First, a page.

- Donate $12 to an organization that helps individuals, animals, or the environment. Sophia and Olivia chose Northwoods Humane Society again this month. We are hoping that dogs and cats (and puppies and kittens) find good homes soon.
Lucy is looking for a home.
She was so eager to be pet; and pushed herself
right up next to the fence.
She'll make a wonderful companion to
a person or family who loves dogs.
- Write 1 letter to someone who has made a difference in our lives. I wrote a letter to my friend, Yoshiko, who lives in Japan. I've known Yoshiko since I was in high school. We have written letters (originally on thin, "onion" paper to save money) and now alternate between writing letters (via snail mail) and emails.
We have enjoyed hearing about one another's experiences in high school, college, first jobs, and careers - and the similarities and differences between life in Japan and the U.S.
We have celebrated birthdays, holidays, and special milestones in one another's lives. And, we also have been there for challenging times - our own health issues as well as deaths of our fathers (hers many years ago, and mine this year).
Throughout the years, she has been able to visit the U.S. many times - including three times to Minnesota. The last time she was able to spend a couple of weeks at the farm; and Sophia and Olivia were able to learn more about Japan, and get to know Yoshiko. We also were able to show Yoshiko some things she had not seen on previous trips to Minnesota.
Her friendship, support, and encouragement throughout the years has been invaluable. Perhaps, most touching, was a handmade card she made after my father died. She went through her photos and created a color collage of images of my dad, her, and our family from each of her visits to Minnesota.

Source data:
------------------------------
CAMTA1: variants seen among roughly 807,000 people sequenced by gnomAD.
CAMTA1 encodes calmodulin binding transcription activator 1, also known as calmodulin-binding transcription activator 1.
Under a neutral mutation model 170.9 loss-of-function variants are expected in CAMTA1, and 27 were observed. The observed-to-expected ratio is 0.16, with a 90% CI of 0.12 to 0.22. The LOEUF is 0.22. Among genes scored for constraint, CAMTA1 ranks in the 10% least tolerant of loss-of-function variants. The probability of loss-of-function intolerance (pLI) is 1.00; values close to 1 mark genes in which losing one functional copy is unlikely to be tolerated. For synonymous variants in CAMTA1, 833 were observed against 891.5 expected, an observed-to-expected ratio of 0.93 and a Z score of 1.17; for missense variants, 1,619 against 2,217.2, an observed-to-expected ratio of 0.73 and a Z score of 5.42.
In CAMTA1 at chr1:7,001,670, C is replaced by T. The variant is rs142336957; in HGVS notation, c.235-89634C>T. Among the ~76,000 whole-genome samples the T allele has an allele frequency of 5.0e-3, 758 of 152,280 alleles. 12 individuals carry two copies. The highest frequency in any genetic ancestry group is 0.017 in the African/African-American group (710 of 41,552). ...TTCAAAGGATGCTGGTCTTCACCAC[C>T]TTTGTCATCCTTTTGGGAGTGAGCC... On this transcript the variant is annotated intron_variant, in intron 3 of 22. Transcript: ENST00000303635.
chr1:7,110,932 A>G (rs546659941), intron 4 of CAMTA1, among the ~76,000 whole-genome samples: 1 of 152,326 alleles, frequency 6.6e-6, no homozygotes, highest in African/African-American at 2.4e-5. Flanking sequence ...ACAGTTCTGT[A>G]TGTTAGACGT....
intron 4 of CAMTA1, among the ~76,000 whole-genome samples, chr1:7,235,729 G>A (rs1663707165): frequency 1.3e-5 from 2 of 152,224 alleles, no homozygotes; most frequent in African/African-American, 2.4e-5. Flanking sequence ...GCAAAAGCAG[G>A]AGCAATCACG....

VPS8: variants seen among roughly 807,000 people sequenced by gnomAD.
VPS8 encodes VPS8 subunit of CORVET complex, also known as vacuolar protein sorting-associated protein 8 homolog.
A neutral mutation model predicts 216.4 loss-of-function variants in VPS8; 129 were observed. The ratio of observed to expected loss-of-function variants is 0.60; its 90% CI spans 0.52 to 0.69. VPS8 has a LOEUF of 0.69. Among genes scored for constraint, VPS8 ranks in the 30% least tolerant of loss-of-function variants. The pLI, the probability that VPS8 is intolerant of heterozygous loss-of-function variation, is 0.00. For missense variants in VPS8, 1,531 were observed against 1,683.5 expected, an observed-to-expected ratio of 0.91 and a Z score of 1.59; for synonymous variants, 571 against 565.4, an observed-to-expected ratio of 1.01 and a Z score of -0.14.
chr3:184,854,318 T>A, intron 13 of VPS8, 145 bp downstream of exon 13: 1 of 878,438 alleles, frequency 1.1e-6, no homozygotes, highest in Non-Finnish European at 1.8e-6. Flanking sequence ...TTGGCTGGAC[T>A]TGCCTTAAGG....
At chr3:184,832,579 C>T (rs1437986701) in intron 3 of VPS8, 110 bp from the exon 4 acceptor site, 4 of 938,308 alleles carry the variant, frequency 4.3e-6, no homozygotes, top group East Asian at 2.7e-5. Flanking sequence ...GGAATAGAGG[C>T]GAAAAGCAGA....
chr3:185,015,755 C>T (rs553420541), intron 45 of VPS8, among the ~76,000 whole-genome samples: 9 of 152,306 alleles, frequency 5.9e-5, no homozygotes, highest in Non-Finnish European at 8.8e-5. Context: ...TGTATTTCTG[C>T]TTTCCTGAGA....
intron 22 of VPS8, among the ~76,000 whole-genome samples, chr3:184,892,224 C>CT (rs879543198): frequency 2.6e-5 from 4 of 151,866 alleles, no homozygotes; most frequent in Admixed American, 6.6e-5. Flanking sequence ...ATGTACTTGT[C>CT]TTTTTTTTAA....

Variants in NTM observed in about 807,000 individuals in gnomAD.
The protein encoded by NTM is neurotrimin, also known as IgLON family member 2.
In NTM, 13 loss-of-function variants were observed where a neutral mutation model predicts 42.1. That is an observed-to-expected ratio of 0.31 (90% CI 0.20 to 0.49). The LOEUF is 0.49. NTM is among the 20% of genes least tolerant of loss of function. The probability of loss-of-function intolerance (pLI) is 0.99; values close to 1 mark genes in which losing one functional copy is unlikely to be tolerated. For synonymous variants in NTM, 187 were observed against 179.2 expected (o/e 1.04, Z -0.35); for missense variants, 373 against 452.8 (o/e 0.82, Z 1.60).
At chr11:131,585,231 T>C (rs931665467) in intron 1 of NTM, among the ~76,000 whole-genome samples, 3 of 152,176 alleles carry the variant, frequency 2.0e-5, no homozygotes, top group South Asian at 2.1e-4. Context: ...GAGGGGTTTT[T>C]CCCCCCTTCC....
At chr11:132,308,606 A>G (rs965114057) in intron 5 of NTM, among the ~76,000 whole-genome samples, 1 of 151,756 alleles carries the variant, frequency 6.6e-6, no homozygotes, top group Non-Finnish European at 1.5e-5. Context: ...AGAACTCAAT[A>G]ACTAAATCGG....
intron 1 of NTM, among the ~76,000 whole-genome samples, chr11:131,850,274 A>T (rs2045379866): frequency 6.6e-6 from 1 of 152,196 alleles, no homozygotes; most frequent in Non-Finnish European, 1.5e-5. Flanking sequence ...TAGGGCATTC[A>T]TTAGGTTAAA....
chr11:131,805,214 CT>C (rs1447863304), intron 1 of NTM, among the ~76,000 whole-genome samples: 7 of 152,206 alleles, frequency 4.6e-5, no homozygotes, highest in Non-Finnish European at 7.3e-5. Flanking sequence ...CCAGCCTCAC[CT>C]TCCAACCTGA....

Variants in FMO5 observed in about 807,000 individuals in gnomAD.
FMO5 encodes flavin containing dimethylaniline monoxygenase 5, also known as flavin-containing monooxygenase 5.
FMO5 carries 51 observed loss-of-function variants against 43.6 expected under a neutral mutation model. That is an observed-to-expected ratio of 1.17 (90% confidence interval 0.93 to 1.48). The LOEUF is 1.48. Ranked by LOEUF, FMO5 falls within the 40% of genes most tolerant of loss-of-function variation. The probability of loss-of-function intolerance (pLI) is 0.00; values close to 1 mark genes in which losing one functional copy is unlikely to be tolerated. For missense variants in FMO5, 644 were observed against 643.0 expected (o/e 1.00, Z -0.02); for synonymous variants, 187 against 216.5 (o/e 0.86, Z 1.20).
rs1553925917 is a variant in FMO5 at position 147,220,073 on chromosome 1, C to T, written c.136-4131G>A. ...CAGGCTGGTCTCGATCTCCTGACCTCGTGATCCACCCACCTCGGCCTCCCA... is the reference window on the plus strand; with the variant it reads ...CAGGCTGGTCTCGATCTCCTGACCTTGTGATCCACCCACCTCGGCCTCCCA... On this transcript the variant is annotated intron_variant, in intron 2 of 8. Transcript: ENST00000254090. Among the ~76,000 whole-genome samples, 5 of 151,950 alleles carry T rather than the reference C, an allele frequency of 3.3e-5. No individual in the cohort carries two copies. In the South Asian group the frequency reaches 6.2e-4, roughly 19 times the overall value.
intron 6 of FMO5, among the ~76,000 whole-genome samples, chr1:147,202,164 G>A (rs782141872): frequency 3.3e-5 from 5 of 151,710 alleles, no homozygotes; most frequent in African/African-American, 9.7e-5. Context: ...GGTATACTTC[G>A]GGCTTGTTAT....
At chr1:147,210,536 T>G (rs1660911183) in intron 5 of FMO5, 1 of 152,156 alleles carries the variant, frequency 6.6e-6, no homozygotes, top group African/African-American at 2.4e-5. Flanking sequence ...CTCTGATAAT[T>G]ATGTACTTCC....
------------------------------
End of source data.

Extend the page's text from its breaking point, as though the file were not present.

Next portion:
Her beautiful words and thoughts about my dad, and what he meant to her, were touching. Between her written words and the collage of images from times when my dad was healthy and not affected by Alzheimer's Disease, I felt incredibly fortunate to have someone as caring and compassionate as Yoshiko in my life.
- Donate 1 bag of pop cans to places that collect them to raise funds. For the past four months, we donated cans to Northwoods since the girls are committed to helping animals find permanent, loving homes.
This month, we chose to donate cans to the local Lions club. The Scandia-Marine Lions club is part of the world's largest and most effective service club organization. According to the Lions website, the members of the organizations "do whatever is needed to help their local communities.
Everywhere [they] work, [they] make friends. With children who need eyeglasses, with seniors who don’t have enough to eat, and with people [they] may never meet."
Sophia and Olivia putting cans in the can collector.
The cans collected by the Lions are used to support projects that benefit the local community (e.g., scholarships, youth recreation programs).
In addition to local projects, perhaps the most well-known projected that the Lions do is related to vision. They conduct vision screenings, equip hospitals and clinics, distribute medicine, and raise awareness of eye disease. Their goal is to provide vision for all.
There are boxes that people can donate their used eye glasses to the Lions. Throughout the years, we have donated many pairs of glasses - both youth and adult - to this project.